Archive for June, 2007

Circumstance and Pomp

Wednesday, June 27th, 2007

zju1_2365.jpgnew campus is constructed on wetlandsmain medical school buildingspring lab outingI

t’s commencement week at ZheDa = ZJU = Zhejiang University. (Since the Chinese language doesn’t have letters, it can’t form “initials”, but it does have syllables, each corresponding to a character, so it can leave out all but a few key ones, leaving a shortened, but euphonious expression.) A little late by American standards. The start of the Spring semester is governed by the Lunar New Year, and consequently shifts back and forth, when reckoned a la Pope Gregory. Fitting, given the number of people in places of power who think of universities as quaint, at best, or tending toward lunatic.

But you would recognize the scene. In the field house of the Yuquan campus (the old, but still much used campus nicely situated just west of West Lake) some 10,000 graduates marched across the stage. All color-coded by school and degree level. The man at the podium changed with the colors. Only the guy center stage stayed and stayed, for all ten thousand, I presume — clearly some sort of custodian in academic robes. Like most other spectators and students I drifted in and out of the field house as “my group” came and went. Only later did I confirm that the focal point of the on-stage photo opportunity was the university president, a custodian in academic robes.

I think I am not guilty of chauvinism to suggest that everything, including the mortarboard, was patterned on western, indeed, American academic custom. Names and faces notwithstanding, there were few hints that this was taking place in China. Missing, I register only in retrospect, were any grand academic musical ouvertures. But why not some of the clang-and-bang of a Chinese Opera ensemble? Now that would be just the right local seasoning for this mock turtle soup.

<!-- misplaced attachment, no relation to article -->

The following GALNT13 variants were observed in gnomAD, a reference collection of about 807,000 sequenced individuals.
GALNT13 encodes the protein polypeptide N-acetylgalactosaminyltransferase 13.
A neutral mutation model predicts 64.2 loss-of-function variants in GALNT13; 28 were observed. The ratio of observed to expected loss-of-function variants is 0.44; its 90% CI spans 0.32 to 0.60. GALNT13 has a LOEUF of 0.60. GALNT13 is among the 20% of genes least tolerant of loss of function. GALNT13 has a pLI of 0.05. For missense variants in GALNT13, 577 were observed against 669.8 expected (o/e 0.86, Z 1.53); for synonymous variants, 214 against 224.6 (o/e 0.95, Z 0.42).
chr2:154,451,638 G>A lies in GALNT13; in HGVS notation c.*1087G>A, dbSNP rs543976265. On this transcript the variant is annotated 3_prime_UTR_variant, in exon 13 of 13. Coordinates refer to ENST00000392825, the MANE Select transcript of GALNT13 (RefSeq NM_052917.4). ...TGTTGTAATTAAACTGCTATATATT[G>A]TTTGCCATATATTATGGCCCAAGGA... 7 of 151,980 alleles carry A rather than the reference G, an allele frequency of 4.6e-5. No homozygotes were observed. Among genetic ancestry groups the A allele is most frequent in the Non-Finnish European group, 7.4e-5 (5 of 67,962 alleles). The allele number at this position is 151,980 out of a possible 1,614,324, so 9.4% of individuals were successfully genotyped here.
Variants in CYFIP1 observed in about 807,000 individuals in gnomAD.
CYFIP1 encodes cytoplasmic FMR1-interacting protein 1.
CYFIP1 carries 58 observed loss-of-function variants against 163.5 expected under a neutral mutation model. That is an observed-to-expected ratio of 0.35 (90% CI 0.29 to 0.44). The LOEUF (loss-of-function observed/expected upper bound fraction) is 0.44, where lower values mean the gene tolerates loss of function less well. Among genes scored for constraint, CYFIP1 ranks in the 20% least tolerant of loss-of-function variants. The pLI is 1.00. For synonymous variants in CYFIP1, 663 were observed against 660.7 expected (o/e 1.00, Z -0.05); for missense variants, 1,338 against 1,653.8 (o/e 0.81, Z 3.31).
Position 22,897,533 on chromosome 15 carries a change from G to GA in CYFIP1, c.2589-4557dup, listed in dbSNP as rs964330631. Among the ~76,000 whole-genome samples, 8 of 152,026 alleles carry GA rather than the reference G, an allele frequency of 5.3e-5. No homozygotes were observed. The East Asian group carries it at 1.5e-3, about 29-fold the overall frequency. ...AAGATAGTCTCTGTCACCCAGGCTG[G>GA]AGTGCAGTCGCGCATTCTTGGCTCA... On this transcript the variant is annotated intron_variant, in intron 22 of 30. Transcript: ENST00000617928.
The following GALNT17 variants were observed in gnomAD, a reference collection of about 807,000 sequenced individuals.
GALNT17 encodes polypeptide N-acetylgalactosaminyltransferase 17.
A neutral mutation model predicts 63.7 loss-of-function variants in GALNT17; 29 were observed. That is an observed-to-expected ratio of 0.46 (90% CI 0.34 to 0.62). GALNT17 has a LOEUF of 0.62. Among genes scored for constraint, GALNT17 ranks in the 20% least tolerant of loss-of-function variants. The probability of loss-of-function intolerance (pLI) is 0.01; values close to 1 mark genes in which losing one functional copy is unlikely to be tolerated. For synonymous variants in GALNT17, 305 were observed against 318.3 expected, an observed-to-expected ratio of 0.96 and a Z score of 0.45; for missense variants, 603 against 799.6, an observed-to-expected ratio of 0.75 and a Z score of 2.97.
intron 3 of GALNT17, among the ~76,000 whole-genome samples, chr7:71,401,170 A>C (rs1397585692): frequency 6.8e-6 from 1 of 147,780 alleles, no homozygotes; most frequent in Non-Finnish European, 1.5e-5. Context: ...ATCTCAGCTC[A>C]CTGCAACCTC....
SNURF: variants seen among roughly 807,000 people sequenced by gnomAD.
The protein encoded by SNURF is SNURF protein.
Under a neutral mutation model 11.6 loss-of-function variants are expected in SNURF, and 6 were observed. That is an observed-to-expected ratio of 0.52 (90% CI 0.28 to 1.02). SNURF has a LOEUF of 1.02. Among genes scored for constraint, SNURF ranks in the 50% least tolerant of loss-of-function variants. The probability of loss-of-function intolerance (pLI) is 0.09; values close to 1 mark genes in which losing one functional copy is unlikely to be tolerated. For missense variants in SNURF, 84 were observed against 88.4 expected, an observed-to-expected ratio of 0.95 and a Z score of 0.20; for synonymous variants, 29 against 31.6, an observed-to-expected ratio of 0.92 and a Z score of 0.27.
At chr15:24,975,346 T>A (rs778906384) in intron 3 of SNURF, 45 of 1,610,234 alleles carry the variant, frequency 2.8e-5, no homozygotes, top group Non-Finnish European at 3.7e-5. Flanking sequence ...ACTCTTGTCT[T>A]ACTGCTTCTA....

Of course, the real observances occurred before and after the official. Several parties — read, convocations at a local restaurant — with increasingly bleary eyed “gan bei’s” led up to the day itself. Nonetheless everyone was sober enough to tromp in larger or smaller groups to sentimental spots (on whichever campus they regard as mater) for photos in black robes under a by now sweltering Hangzhou sun.

Not incidental to the occasion was a program aired on CCTV a few days ago, marking the thirtieth anniversary of the reinstatement of the university entrance exam system. Reinstatement after an interruption of several years during which the Cultural Revolution declared that the only appropriate credentials for university entrance were proletarian ones. The results of that excess exuberance were, by all accounts, not so good.

Yet is there not a grain of sense to be found there? Performance on a one-swat, homogenized exam, as currently in force, is not so hunky-dory. For those urban elite with excellent secondary training, it’s a hell of a lot of pressure. For those children so carelessly left behind in the educational slums of China’s backwaters, it’s a non-starter.

But the day belonged to those celebrating their successful entrance and exit from a system not of their devising. I didn’t begrudge them a heartfelt “congratulations.”

Bigbrotherliness

Wednesday, June 27th, 2007

browsing for pornkindergarten behind my apartmenton the way to worknew housing near campus

[mouse click on a photo to enlarge it]

Some of my readership (i.e. one of the four) have asked about internet access in China. Let’s consider Wikipedia, about whose inaccessibility I have groused previously. The public facts go something like this: in the fall of 2005, when Microsoft and Yahoo and Cisco Systems, were falling over themselves trying to please the Beijing censors, the Wiki folks said “nothing doing, we’re all or none” — and were summarily nullified. Supposedly the ban was lifted a year later, when the Chinese satisfied themselves that they could filter out the bits they didn’t like without Wiki’s collaboration. But in fact, from March until now I have garnered nothing but “url unreachable” messages when I have clicked of Wikipedia links.